Thursday, November 24, 2005

Police Mistreatment of Transgender Women

A Women's E-News feature here discusses some of the issues transgender women face in terms of profiling by the police and other injustices within the criminal justice system.

Monday, November 14, 2005

The Plea

From the synopsis of the PBS documentary, The Plea:
It is the centerpiece of America's judicial process: the right to a trial by jury system that places a defendant's fate in the hands of a jury of one's peers. But it may surprise many to learn that nearly 95 percent of all cases resulting in felony convictions never reach a jury. Instead, they are settled through plea bargains in which a defendant agrees to plead guilty in exchange for a reduced sentence.
The 90-minute documentary can be downloaded in six parts right here.

Thursday, November 10, 2005

Torture = Mass Destruction

It's very sad to think how many lives could have been saved if the U.S. refrained from torture and international war crimes. From an article posted at
Sunday's New York Times carries a story about Ibn al-Shaykh al-Libi, an al-Qaeda prisoner captured shortly after 9/11. According to a newly declassified memo, not only did al-Libi provide us with false information suggesting that Iraq had trained al-Qaeda to use WMD, but U.S. intelligence had a pretty good idea the information was false as early as 2002. Colin Powell nonetheless presented this to the UN as credible evidence of Iraqi WMD programs in February 2003, shortly before we invaded Iraq.

Via Atrios, it turns out that we had excellent reasons to be skeptical of al-Libi's testimony. As Newsweek reported last year, al-Libi was one of the first test cases for Dick Cheney's campaign to introduce torture as a standard interrogation technique overseas, replacing the FBI's more mainstream methods:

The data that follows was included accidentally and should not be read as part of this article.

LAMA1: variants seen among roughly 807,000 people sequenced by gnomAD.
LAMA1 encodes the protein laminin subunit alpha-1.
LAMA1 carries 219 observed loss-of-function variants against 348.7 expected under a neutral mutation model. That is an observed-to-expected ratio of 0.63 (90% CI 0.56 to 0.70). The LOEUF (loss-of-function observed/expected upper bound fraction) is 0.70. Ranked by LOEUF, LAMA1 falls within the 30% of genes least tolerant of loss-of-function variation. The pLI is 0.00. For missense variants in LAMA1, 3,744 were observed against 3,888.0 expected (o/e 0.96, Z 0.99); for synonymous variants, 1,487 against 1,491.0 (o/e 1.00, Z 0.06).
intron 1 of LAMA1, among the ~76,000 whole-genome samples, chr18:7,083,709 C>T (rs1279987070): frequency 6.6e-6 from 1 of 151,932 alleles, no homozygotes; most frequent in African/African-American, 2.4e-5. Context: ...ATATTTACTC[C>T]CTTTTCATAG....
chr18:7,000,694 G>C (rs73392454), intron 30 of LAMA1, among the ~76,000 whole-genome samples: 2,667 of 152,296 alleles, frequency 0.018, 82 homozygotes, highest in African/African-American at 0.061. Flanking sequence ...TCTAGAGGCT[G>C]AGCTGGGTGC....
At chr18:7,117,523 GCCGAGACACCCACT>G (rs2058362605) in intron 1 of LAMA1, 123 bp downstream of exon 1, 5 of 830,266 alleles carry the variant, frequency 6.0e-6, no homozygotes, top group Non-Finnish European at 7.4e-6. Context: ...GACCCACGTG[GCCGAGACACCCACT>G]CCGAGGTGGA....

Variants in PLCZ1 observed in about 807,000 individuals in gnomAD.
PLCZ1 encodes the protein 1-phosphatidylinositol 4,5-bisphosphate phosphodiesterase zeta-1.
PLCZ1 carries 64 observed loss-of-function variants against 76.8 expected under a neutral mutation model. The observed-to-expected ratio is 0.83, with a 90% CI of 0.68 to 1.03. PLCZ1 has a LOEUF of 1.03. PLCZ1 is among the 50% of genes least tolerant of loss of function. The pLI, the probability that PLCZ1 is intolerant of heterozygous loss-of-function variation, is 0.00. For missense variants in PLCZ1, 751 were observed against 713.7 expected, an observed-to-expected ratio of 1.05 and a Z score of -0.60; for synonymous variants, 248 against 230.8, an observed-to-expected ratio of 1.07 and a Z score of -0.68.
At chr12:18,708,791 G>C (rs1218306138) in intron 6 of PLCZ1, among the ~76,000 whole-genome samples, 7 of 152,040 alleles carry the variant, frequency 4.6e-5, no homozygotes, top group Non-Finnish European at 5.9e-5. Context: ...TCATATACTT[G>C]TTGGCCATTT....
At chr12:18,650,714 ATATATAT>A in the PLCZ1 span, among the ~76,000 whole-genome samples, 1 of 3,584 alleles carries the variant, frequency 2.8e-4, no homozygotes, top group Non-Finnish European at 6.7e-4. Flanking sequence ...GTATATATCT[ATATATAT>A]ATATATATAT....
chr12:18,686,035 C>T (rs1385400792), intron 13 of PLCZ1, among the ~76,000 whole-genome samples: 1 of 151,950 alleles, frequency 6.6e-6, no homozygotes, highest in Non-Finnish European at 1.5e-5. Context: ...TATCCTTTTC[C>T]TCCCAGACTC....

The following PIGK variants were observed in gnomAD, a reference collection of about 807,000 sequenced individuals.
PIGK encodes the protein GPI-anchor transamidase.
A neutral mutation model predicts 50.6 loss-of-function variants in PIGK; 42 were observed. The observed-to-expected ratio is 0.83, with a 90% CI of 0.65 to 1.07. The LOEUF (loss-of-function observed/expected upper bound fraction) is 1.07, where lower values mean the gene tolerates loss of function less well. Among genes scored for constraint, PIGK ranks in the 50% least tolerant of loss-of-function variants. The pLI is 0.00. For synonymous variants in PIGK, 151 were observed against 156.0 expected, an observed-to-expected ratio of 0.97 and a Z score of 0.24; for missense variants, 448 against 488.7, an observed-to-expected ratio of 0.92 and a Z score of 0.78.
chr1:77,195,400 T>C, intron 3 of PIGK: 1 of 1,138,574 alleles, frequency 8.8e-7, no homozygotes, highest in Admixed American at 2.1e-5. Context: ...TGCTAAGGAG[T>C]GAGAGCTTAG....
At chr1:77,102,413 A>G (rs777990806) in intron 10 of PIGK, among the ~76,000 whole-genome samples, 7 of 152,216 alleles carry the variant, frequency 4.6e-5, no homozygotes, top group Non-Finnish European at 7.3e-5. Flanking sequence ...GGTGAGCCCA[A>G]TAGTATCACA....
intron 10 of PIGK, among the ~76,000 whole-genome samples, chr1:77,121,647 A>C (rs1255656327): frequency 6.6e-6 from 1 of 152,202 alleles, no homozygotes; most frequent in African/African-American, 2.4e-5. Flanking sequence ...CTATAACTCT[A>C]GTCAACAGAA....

Al-Libi's capture, some sources say, was an early turning point in the government's internal debates over interrogation methods...."They duct-taped his mouth, cinched him up and sent him to Cairo" for more-fearsome Egyptian interrogations, says the ex-FBI official. "At the airport the CIA case officer goes up to him and says, 'You're going to Cairo, you know. Before you get there I'm going to find your mother and I'm going to f--- her.' So we lost that fight."

No wonder DIA was skeptical of al-Libi's information. Not only did the details of his testimony seem inconsistent with known facts, but DIA knew perfectly well he had given up this information only under torture and was probably just saying anything that came to mind in order to get it to stop.

As Mark Kleiman points out, this is the pragmatic case against torture: not only is it wrong, but it doesn't even provide reliable information anyway...

American Timeline: 1801-2004

Though this is not prison-related per se, I think it is a great piece to frame the mentality that the U.S. government has historically harbored for various citizens of the world. It is certainly not an exhaustive or fully representative timeline; discussion in the comments is welcome.

View it here.